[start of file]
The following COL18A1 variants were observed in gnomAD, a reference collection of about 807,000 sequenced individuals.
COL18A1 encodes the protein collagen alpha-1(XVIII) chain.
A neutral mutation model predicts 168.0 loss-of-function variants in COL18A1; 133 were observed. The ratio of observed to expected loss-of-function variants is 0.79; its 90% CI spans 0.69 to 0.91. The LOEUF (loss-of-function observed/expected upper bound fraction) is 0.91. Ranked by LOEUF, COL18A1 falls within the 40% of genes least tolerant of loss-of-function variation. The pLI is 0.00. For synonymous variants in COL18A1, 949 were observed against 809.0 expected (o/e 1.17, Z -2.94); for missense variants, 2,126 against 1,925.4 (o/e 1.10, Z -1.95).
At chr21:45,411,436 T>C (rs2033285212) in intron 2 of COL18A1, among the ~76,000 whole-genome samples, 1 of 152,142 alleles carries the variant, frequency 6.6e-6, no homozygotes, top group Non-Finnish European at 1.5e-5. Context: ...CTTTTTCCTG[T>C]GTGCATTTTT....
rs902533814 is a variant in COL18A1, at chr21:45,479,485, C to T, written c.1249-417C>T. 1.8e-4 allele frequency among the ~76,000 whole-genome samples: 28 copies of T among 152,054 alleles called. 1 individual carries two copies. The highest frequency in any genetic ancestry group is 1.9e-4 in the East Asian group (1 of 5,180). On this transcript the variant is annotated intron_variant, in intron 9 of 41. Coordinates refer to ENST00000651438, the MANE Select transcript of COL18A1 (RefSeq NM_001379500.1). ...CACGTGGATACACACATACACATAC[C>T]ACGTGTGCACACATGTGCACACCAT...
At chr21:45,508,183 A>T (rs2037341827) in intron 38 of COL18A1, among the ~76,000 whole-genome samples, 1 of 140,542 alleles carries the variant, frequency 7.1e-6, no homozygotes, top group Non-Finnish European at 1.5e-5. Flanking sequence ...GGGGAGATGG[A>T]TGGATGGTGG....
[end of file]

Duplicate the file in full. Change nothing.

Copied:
The following COL18A1 variants were observed in gnomAD, a reference collection of about 807,000 sequenced individuals.
COL18A1 encodes the protein collagen alpha-1(XVIII) chain.
A neutral mutation model predicts 168.0 loss-of-function variants in COL18A1; 133 were observed. The ratio of observed to expected loss-of-function variants is 0.79; its 90% CI spans 0.69 to 0.91. The LOEUF (loss-of-function observed/expected upper bound fraction) is 0.91. Ranked by LOEUF, COL18A1 falls within the 40% of genes least tolerant of loss-of-function variation. The pLI is 0.00. For synonymous variants in COL18A1, 949 were observed against 809.0 expected (o/e 1.17, Z -2.94); for missense variants, 2,126 against 1,925.4 (o/e 1.10, Z -1.95).
At chr21:45,411,436 T>C (rs2033285212) in intron 2 of COL18A1, among the ~76,000 whole-genome samples, 1 of 152,142 alleles carries the variant, frequency 6.6e-6, no homozygotes, top group Non-Finnish European at 1.5e-5. Context: ...CTTTTTCCTG[T>C]GTGCATTTTT....
rs902533814 is a variant in COL18A1, at chr21:45,479,485, C to T, written c.1249-417C>T. 1.8e-4 allele frequency among the ~76,000 whole-genome samples: 28 copies of T among 152,054 alleles called. 1 individual carries two copies. The highest frequency in any genetic ancestry group is 1.9e-4 in the East Asian group (1 of 5,180). On this transcript the variant is annotated intron_variant, in intron 9 of 41. Coordinates refer to ENST00000651438, the MANE Select transcript of COL18A1 (RefSeq NM_001379500.1). ...CACGTGGATACACACATACACATAC[C>T]ACGTGTGCACACATGTGCACACCAT...
At chr21:45,508,183 A>T (rs2037341827) in intron 38 of COL18A1, among the ~76,000 whole-genome samples, 1 of 140,542 alleles carries the variant, frequency 7.1e-6, no homozygotes, top group Non-Finnish European at 1.5e-5. Flanking sequence ...GGGGAGATGG[A>T]TGGATGGTGG....